You will get little argument from me that government in Maritime Canada is too large a burden to bear, too inefficient, too parochial and downright too big. If I believed that Maritime union would deliver even a fraction of the savings and efficiencies its proponents claim, I would be chasing down their bandwagon and banging the biggest drum they have. Alas, the evidence gives little hope that a political union would deliver any of the savings and efficiencies promised. Municipal amalgamations, where we have considerably more real world evidence, have demonstrated that the “economies of scale” so sought after in the private sector largely do not apply in the public sector. In a politicized, public-sector, unionized, monopoly environment, bigger means bigger and more expensive, not bigger and more efficient.
Note that I have not even attempted to address the political feasibility of such a union. The spirited response of P.E.I. Premier Robert Ghiz speaks sufficiently to that point. But, what of an economic union? Perhaps we should be the next E.U. instead of the next U.S.? Surely, knocking down trade barriers, buying “local” in a larger economy and ceasing the wasteful bidding wars to bribe employers to locate in Edmundston instead of Souris (or Pugwash) would save us money and promote faster growth, greater labour mobility and enhance capital attraction.
The E.U. economy is, after all, booming, right? Well, no. Germany is booming, Sweden is doing well, Britain is hit or miss, Greece, Spain, Italy, even France have real trouble. Ok, but trade barriers are lower and movement of goods, people and services across the region have been enhanced, right? To some degree yes, but high cost providers are still high cost providers and low cost providers still win the majority of the bids, until buy local gets redefined to buy domestic. Of course that isn’t free and fair economic union is it? Widening the regional base from which we can draw cross regional subsidies means only that costs will keep going up, and high cost providers will be sustained through direct and indirect subsidy, meaning economic progress will be limited and benefits narrow.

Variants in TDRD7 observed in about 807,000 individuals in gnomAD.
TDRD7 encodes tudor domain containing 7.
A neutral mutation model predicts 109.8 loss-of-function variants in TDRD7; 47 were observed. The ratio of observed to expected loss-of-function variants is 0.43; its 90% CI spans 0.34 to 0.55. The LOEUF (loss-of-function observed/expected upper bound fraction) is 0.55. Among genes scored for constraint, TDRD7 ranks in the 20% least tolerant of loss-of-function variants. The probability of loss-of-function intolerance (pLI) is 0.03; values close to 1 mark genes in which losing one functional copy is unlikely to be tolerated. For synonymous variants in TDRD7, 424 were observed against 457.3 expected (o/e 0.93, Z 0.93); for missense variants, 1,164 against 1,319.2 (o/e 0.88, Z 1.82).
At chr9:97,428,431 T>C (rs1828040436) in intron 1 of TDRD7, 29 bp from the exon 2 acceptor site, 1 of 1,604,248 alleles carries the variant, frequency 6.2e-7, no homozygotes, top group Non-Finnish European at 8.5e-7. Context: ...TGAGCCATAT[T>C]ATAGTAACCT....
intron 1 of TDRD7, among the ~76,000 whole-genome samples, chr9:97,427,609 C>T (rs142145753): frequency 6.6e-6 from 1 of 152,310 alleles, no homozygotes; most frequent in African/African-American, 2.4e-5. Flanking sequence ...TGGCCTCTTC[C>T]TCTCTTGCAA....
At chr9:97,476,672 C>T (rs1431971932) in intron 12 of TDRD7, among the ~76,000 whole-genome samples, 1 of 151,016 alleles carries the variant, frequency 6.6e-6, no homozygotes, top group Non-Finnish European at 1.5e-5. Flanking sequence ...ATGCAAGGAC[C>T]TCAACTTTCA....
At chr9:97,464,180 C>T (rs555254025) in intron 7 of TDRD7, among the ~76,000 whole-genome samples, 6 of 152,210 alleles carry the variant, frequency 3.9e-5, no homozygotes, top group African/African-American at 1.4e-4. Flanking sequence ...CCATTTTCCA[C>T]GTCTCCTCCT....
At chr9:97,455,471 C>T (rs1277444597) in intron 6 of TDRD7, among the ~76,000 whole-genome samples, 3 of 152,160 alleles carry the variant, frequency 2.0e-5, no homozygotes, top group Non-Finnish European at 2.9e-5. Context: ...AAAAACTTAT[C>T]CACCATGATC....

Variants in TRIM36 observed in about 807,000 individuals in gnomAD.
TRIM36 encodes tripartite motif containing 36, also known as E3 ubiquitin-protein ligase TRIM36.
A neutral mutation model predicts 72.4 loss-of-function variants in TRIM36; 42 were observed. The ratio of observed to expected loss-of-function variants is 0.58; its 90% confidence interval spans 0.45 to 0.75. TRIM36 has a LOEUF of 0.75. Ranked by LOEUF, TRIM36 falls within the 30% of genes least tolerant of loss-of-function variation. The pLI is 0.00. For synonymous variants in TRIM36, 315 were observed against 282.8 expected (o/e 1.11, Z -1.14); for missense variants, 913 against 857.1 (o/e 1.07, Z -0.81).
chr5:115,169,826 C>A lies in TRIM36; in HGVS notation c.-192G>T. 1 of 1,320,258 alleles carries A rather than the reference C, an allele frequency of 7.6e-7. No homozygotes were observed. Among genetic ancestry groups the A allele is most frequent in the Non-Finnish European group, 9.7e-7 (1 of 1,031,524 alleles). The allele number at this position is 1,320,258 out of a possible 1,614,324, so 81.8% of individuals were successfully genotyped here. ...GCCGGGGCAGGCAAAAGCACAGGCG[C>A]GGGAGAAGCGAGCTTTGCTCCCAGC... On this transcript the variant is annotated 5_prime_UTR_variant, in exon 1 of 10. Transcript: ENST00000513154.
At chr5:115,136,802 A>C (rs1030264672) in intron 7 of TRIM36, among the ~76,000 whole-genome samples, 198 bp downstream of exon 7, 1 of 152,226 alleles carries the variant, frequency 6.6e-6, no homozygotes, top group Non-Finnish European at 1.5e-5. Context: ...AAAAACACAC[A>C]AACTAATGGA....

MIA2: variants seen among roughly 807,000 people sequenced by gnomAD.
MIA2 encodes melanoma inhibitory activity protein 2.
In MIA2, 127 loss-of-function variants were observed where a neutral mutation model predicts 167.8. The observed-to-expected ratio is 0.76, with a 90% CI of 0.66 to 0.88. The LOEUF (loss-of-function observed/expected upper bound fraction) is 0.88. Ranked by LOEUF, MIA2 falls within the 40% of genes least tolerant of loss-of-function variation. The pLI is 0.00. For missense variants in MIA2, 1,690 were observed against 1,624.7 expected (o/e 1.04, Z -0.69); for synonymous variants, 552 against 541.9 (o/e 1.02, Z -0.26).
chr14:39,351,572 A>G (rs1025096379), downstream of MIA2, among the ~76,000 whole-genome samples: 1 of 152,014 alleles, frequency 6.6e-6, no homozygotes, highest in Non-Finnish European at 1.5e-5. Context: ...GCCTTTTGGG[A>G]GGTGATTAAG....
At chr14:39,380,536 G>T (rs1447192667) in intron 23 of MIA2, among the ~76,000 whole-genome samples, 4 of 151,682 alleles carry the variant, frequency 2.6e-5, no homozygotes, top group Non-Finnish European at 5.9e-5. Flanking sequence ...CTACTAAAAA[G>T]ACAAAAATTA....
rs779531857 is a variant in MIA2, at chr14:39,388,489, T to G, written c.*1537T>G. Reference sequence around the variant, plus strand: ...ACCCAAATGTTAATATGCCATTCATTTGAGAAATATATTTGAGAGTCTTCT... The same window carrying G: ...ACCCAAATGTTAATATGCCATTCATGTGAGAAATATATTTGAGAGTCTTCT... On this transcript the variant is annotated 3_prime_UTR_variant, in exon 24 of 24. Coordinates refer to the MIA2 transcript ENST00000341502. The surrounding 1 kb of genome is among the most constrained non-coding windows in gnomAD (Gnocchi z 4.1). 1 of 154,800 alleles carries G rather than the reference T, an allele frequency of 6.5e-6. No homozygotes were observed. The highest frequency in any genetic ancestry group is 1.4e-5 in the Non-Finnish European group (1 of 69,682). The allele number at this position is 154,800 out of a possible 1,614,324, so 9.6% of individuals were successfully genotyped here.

Political feasibility, however, also rears its ugly head when discussing just economic union as well. In 1867, Confederation supposedly knocked down all interprovincial trade barriers. Almost 150 years later, they still exist. So about 20-odd years ago, we tried an “agreement on internal trade,” still under negotiation to this day. But others have done it, look at the Trade Investment and Labour Mobility Agreement between B.C. and Alberta, and how that led to the New West Partnership. Calls for our own agreement have gone unheeded these past five years.
On that score, note that I was not one of those calling for our own agreement. If you want free and open access to spur economic growth, which province would you prefer to have full and free trade with: a western province with above average incomes and solid growth potential, or an eastern one, with below national average incomes and serious economic challenges? I know where I would expend my limited interprovincial trade team’s efforts and I hold that view to this day. If New Brunswick wants to grow through enhanced economic union, sign a trade agreement, tomorrow. The invitation from the west was and remains open.
Ok, so forget union in the east, how about just some plain old co-operation? Common procurement has worked to grow regional businesses and lower government costs, universities are collaborating to sell our educational product to the world, a regional energy grid is slowly coming together, we are talking about common drug purchasing and we have made progress on synchronizing transportation regulations. Excellent, let’s keep it up.
But, as we call (rightly) for more cooperation, note carefully where we have achieved success in the past. We have made progress where, collectively, we have been cooperating to compete against others: our university marketing and transportation networks for example. We have also seen measurable enhancements when we have made efforts to collectively encourage more open competition across the region. Common procurement lowers government costs by expanding the pool of bidders, while simultaneously enhancing growth opportunities by widening the product market.
Where we have failed is in pursuing co-operation for co-operation’s sake, because it made sense “in theory.” A common Atlantic education curriculum was a bust because bureaucrats had little incentive to give up their power and indeed their positions. Who among us would enthusiastically work to put themselves out of work? Efforts to merge insurance regulation or the worker’s compensation structures face similar challenges. Incentives matter, so let’s find the areas where we can, cooperatively, enhance competition inside the region, or collectively, improve our competitive position outside it. That’s where we can and should make real progress.
Charles Cirtwill is President of the Atlantic Institute for Market Studies, an independent economic and social policy think tank based in Atlantic Canada.